Not at the PASS Summit? How about Peru instead?


Are you at the PASS Summit this week?  I wasn’t able to make it myself.  But I can find some consolation in the fact that I just returned from a fantastic trip to Peru.  Not a bad trade, eh?

Machu Picchu has long been a bucket list item, and my better half and I decided that this was the year.  Since this was likely to be a once-in-a-lifetime trip, we decided to go for broke and do the 4-day classic trek on the Inca Trail to get there.

Cusco

Our trip started with a couple of days in Cusco.  The Inca Trail hike can be rigorous, to say the least, and it’s recommended to spend a few days at altitude to get acclimated before starting out.  So the night of our arrival we arranged a visit to the Cusco Planetarium overlooking the city.  We were given a presentation on the southern skies and their role in the Incan civilization, then looked at some amazing sights through their telescopes.  The Cusco Planetarium is a small, family run operation, but they are obviously passionate about what they do and it was a great way to spend our first evening.

appetizer_smallThe next day, after some exploring around the city, we took a cooking class through Marcelo Batata.  For me, this was the highlight of our time in Cusco.  For several hours we learned about native fruits, veggies and grains of Peru and how Peruvian cuisine has been influenced by outside cultures.  We prepared an appetizer course, Pisco cocktails, and a main course, all while being treated to small bites prepared by the chefs.  Everything was absolutely delicious and this is another activity I would recommend to anyone visiting Cusco.  Especially anyone who appreciates good food.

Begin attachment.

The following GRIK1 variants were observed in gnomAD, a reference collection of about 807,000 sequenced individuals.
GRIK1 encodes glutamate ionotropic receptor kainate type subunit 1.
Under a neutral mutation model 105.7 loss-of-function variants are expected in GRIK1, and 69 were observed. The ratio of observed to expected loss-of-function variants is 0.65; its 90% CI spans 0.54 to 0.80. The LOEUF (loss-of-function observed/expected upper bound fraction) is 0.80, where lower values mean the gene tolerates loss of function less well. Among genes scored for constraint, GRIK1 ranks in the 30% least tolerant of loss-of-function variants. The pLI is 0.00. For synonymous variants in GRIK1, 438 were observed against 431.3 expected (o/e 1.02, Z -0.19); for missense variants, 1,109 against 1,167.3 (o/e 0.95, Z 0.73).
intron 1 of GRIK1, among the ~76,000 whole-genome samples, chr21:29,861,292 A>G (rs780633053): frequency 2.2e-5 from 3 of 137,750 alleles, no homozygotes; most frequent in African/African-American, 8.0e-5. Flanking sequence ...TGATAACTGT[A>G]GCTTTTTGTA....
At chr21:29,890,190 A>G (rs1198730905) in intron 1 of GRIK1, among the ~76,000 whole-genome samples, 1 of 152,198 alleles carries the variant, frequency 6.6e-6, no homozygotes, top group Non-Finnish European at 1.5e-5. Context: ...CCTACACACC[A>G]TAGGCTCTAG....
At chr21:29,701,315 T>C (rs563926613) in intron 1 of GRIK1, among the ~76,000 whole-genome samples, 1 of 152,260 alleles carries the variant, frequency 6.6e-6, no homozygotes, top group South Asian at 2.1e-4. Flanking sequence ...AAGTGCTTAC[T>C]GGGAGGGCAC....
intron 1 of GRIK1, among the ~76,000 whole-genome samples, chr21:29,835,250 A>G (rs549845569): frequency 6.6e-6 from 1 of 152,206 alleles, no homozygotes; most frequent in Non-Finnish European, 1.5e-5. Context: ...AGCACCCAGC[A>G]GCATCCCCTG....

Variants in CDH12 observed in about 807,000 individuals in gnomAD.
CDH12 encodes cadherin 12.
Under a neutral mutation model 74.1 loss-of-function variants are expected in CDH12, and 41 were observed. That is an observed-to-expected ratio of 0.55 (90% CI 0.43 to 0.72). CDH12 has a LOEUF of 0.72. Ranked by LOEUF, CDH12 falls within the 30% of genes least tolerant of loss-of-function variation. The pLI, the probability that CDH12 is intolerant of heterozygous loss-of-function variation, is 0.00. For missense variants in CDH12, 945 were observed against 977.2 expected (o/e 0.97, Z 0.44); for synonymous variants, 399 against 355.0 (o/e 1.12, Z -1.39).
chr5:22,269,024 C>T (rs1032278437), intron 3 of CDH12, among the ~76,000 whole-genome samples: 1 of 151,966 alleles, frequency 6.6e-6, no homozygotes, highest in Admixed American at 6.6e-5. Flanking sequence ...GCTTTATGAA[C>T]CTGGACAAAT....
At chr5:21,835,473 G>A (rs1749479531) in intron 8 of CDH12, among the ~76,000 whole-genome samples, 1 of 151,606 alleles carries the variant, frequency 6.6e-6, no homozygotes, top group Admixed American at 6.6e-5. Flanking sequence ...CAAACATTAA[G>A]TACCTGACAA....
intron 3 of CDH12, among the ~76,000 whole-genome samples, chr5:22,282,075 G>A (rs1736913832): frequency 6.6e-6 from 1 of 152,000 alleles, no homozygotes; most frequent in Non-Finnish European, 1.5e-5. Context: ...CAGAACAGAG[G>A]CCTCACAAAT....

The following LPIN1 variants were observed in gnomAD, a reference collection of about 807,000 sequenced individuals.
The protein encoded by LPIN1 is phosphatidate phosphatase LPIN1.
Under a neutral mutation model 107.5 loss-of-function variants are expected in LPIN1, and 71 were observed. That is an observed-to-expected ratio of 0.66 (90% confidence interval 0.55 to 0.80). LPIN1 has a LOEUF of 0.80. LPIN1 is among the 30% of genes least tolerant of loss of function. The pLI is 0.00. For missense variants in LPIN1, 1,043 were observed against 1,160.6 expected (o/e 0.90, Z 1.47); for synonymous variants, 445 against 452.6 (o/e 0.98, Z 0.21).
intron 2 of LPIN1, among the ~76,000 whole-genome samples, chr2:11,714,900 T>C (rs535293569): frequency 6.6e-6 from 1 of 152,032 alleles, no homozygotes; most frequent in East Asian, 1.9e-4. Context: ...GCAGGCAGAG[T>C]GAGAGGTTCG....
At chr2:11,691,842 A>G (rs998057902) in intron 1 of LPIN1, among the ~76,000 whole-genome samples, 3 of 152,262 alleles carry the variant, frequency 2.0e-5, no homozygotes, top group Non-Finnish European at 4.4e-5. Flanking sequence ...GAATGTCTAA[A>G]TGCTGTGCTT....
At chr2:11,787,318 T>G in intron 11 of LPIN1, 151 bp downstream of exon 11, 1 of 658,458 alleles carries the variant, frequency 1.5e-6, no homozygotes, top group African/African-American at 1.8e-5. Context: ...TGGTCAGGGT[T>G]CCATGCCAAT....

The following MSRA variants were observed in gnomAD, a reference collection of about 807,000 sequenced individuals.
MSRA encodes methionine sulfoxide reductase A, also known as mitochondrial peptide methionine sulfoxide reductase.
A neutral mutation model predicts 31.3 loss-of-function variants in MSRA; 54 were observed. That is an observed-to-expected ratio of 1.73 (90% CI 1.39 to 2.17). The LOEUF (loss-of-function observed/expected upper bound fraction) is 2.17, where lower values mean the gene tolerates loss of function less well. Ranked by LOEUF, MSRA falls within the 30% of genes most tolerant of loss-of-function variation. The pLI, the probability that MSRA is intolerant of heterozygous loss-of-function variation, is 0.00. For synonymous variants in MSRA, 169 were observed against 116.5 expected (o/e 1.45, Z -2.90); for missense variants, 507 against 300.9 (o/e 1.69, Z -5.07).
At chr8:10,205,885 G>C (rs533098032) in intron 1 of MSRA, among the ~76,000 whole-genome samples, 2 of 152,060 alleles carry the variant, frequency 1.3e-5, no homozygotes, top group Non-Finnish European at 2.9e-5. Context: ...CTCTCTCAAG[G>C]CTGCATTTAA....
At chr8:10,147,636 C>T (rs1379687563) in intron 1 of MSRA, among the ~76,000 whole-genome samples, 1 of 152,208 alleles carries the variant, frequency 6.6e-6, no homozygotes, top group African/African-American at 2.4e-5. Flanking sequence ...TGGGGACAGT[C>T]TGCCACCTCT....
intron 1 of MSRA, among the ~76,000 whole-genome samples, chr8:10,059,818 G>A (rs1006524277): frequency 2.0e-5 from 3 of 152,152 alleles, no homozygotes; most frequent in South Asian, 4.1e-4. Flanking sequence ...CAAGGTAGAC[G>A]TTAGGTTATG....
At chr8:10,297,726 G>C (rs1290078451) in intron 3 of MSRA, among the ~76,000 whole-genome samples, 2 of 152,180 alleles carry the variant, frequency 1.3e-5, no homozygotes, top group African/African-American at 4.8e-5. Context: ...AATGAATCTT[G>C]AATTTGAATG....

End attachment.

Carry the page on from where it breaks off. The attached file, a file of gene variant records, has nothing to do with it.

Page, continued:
The Inca Trail

Dead Womans PassThe day our trek began, we were up at 3:30am to meet our 4am bus that would take us to km 82, the official starting point of the classic Inca Trail hike. And there began a 4-day hike that I can honestly say was the most physically challenging experience of my life.  I knew it would be tough.  I’d read about other hikers’ experiences, watched videos on YouTube, and in my head I knew the distances and elevations.  But reading about it didn’t fully prepare me for just how hard it was.  On day 1 I was seriously wishing I’d spent more time on the treadmill in the weeks leading up to this trip.  Really, it was just your average hike at this point, but I had underestimated the effect the altitude would have on my breathing and stamina.  Add a day-pack with a couple liters of water and I was a bit winded at points.  The day-2 hike to Dead Woman’s Pass, however, had me seriously questioning whether I had it in me.  There were stretches where I would walk 20 steps or so and have to stop to catch my breath.  Makes for a long morning.  When you finally reach the top of the pass, however, all the fatigue suddenly disappears and is replaced by this incredible sense of accomplishment, and you’re ready to go again.  Good thing too, because we still had several hours of hiking ahead of us that day.  Day 3 was a piece of cake by comparison, we made it to our final campsite early enough to enjoy a siesta before a side-trip to some ruins.